A point of sale (POS) system is the tool retailers use when collecting payment from a customer at the time of purchase. Think of it as the location where a consumer transaction takes place. The history of POS systems spans multiple centuries and a variety of technologies. They existed before automobiles, telephones, or antibiotics. Wherever money was exchanged for goods or services, there was a POS system of some sort. It began, simply enough, with the bartering of goods and progressed to the exchange of hand counted cash. In more recent history, point of sales system features help retailers track customer metrics, manage inventory, and integrate multiple locations and channels into one system.
Think back to the wild, wild West when the owner of a general store kept a money box behind the counter, right next to his Smith and Wesson. He knew to prices of the products in his store; kept credit accounts with a pencil, paper, and a handshake; and counted inventory by hand when the store was closed.
From the money box, POS systems progressed to cash registers. These machines did the math and had a built-in drawer for keeping the hand-counted cash. As long as a product had a price tag, any employee could ring up the purchase. There was no need to have all of the prices memorized.
As retail stores expanded and became chains, another system emerged that both advanced point of sales and simplified inventory management: barcodes. Technological advances allowed retailers to input prices into the system once and apply to multiple registers. Checkers didn’t need to memorize prices or trust a price tag would stay affixed to a product. Barcodes are (typically) printed on the product packaging itself.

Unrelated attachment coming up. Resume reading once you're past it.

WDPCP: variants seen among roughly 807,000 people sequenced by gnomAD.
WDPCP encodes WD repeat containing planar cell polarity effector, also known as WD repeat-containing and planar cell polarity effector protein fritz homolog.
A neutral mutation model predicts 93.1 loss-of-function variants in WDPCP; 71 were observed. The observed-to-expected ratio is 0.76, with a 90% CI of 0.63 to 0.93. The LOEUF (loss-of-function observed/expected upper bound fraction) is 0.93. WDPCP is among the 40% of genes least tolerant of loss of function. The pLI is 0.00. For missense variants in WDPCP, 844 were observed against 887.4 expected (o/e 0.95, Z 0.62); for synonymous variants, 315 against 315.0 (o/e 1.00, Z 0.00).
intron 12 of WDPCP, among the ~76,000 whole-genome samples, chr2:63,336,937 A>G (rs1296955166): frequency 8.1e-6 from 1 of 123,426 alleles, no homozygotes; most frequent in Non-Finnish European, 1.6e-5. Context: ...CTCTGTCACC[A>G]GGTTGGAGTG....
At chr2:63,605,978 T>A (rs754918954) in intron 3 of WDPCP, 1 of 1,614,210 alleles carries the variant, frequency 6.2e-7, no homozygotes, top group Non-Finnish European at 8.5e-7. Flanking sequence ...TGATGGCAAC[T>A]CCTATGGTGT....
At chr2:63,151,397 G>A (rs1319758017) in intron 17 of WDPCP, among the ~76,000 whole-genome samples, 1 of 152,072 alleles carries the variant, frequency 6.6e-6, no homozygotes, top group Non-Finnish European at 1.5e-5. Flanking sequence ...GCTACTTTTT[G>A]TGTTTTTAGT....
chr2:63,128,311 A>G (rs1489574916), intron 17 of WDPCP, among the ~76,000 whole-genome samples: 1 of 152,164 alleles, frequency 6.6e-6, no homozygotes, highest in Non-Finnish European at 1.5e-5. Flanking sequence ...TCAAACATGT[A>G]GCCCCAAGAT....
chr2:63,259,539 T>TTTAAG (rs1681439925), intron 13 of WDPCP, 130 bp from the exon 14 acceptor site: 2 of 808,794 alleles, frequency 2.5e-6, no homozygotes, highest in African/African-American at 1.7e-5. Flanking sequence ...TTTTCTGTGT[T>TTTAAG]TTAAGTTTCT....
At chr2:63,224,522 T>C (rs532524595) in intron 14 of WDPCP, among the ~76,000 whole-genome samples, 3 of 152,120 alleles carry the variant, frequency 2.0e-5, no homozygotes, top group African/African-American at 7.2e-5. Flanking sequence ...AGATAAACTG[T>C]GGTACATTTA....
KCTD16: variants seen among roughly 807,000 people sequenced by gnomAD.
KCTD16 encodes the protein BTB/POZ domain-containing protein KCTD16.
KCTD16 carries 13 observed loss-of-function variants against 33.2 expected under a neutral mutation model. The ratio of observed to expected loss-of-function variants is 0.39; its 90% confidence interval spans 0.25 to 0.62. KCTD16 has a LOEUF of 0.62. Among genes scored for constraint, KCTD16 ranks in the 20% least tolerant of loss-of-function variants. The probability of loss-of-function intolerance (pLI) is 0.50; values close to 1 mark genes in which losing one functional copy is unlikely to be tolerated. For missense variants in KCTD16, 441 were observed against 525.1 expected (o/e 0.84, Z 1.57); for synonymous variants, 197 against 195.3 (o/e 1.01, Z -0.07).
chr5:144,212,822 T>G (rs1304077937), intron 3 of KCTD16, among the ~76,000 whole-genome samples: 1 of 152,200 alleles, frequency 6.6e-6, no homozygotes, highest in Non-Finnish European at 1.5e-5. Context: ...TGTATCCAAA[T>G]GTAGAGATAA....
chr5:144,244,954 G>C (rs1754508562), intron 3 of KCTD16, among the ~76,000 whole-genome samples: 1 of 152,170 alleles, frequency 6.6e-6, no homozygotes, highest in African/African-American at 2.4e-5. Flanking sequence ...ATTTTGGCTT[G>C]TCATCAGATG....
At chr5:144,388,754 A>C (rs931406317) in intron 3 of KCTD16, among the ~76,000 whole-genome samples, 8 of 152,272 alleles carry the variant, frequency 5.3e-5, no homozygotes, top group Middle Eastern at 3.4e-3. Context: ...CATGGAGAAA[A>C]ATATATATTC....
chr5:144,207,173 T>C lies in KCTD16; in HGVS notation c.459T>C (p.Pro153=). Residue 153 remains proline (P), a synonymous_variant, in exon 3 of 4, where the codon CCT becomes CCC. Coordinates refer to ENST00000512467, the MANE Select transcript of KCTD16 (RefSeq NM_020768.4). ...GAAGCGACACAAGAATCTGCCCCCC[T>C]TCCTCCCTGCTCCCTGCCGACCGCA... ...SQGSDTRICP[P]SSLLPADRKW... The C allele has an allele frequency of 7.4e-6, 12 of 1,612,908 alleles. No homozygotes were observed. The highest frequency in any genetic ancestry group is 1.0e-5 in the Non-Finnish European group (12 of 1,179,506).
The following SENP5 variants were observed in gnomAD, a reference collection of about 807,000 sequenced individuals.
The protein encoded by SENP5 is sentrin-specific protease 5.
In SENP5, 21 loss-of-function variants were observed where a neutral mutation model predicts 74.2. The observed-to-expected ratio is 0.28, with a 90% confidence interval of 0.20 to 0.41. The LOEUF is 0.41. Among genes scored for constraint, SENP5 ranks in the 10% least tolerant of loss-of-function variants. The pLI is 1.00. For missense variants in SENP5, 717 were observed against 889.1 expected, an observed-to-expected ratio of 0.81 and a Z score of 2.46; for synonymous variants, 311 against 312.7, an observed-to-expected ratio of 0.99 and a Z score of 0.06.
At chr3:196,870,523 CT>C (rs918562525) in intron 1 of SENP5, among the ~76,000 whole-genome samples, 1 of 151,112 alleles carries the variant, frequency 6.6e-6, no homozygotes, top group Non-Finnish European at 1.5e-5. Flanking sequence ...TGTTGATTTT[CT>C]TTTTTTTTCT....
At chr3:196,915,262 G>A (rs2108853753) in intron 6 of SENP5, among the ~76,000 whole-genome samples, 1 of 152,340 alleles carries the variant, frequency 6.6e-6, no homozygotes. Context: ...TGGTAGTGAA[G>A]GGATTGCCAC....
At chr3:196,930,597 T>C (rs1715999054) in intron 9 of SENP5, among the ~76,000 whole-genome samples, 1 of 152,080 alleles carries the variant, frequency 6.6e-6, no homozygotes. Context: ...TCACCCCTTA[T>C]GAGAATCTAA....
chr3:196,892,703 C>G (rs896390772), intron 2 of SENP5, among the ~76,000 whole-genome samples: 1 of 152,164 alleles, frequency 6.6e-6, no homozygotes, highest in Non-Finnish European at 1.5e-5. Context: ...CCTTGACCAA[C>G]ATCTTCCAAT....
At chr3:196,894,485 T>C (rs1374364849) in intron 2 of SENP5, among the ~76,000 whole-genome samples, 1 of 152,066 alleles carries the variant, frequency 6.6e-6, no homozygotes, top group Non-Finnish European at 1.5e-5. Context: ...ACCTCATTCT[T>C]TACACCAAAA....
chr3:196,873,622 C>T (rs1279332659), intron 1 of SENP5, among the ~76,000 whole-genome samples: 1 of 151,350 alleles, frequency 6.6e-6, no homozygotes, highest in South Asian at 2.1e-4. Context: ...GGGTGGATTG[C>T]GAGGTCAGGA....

Barcodes offered another advantage, too: inventory management. The history of POS systems had evolved to help retailers track inventory.
Computers became more and more accessible to the general public, and the technology necessary to run them became smaller and smaller until the day arrived when the average person carries a supercomputer in their pocket everywhere they go. Smart phones and the Internet have combined to completely revolutionize POS systems.
Mobile POS Systems
POS systems can now be completely mobile, tracking sales receipts, customer loyalty, employee time cards, and inventory in the cloud. Retail employees can close a sale on the sales floor using a mobile POS system instead of inviting a customer to wait in line at the checkout counter.
Online POS systems allow customers to make purchases from the comfort of their own homes using a laptop or tablet or place an order on their phone while they sit in the waiting room at the doctor’s office.
Retailers that integrate in-store and online sales into the same POS system can track customer metrics and inventory for multiple locations via multiple channels using one system.
Add mobile wallets to the mix and the sounds of a cash register cha-chinging will be a thing of the past. Customers with mobile wallets who shop with retailers whose POS systems have been enabled to accept mobile wallet transactions need only to wave their smart phone near a console to finalize their purchases.
As payment methods have changed, POS systems have adapted. As technology has advanced, POS systems have ridden the wave. From money boxes with a pencil and paper to mobile POS systems with Apple Pay, it’s safe to say we’ve come a long way.
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